By Martin Galvin
It was a profoundly telling moment. Years earlier, Laurence O’Neill had pledged to resist British crown forces and remove British rule. He had risked much, suffered a fifteen year sentence in Long Kesh, and fought a hunger strike in 1972 against a British attempt at criminalization. He could name fellow Republicans murdered by the Royal Ulster Constabulary directly, or in collusion with pro-British loyalists or informer agents from within the nationalist community. He knew victims of Castlereagh torture and Diplock court perjury. He himself was tortured in Palace Barracks, Holywood, for 3 days and 3 nights, and had his eardrums burst when blanks were fired into his ears. He had been harassed for many years by the RUC, and 3 attempts made on his life were facilitated by the RUC. He had refused to be broken, silenced, or intimidated.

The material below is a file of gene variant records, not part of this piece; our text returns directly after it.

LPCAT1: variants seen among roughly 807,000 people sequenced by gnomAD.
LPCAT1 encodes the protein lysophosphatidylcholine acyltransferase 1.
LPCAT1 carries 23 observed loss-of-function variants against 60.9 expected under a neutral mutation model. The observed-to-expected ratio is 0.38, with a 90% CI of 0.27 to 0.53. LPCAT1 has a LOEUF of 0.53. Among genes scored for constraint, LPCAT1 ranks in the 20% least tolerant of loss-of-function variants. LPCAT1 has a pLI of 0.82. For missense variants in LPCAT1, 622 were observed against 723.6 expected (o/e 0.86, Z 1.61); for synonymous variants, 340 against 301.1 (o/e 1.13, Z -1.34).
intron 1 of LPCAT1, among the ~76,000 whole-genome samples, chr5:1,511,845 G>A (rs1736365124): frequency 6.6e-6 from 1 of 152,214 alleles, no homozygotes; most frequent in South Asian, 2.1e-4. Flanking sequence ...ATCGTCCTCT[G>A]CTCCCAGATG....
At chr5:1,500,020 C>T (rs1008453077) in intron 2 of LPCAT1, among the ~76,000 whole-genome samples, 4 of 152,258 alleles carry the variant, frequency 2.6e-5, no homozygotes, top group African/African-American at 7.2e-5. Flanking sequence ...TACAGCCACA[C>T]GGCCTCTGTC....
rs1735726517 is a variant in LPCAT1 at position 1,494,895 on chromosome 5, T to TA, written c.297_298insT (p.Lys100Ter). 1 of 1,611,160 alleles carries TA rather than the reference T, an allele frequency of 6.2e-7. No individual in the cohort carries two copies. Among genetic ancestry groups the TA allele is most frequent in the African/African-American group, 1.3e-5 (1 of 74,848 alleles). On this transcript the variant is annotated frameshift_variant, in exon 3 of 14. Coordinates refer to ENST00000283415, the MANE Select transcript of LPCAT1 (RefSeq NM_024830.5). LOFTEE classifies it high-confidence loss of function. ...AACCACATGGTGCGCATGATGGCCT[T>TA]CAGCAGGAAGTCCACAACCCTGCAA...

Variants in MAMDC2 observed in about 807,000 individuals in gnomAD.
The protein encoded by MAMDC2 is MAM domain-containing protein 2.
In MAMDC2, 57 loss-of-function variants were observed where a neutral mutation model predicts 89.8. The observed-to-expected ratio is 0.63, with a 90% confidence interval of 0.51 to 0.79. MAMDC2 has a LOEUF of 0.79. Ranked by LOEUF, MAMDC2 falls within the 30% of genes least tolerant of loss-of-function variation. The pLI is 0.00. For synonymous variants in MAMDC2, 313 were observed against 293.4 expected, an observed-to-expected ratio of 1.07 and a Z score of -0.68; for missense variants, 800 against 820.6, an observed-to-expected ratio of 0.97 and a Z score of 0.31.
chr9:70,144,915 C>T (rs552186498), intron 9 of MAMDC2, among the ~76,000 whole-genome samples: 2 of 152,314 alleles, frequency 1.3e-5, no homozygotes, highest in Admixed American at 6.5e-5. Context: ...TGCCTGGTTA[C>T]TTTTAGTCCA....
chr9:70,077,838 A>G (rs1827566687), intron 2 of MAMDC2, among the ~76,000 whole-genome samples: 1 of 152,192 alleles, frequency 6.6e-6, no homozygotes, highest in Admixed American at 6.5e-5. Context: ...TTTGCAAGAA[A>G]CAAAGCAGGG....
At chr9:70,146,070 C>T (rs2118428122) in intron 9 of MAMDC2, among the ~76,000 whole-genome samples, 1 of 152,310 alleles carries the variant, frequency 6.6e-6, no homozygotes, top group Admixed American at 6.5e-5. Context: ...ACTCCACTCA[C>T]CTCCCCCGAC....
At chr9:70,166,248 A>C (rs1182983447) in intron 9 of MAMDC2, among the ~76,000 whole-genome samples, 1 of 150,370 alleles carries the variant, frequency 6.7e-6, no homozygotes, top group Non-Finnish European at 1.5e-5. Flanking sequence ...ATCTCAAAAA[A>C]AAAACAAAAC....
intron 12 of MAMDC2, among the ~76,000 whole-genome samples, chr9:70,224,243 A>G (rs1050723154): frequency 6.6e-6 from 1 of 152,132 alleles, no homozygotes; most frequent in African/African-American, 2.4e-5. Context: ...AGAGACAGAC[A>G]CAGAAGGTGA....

to continue reading.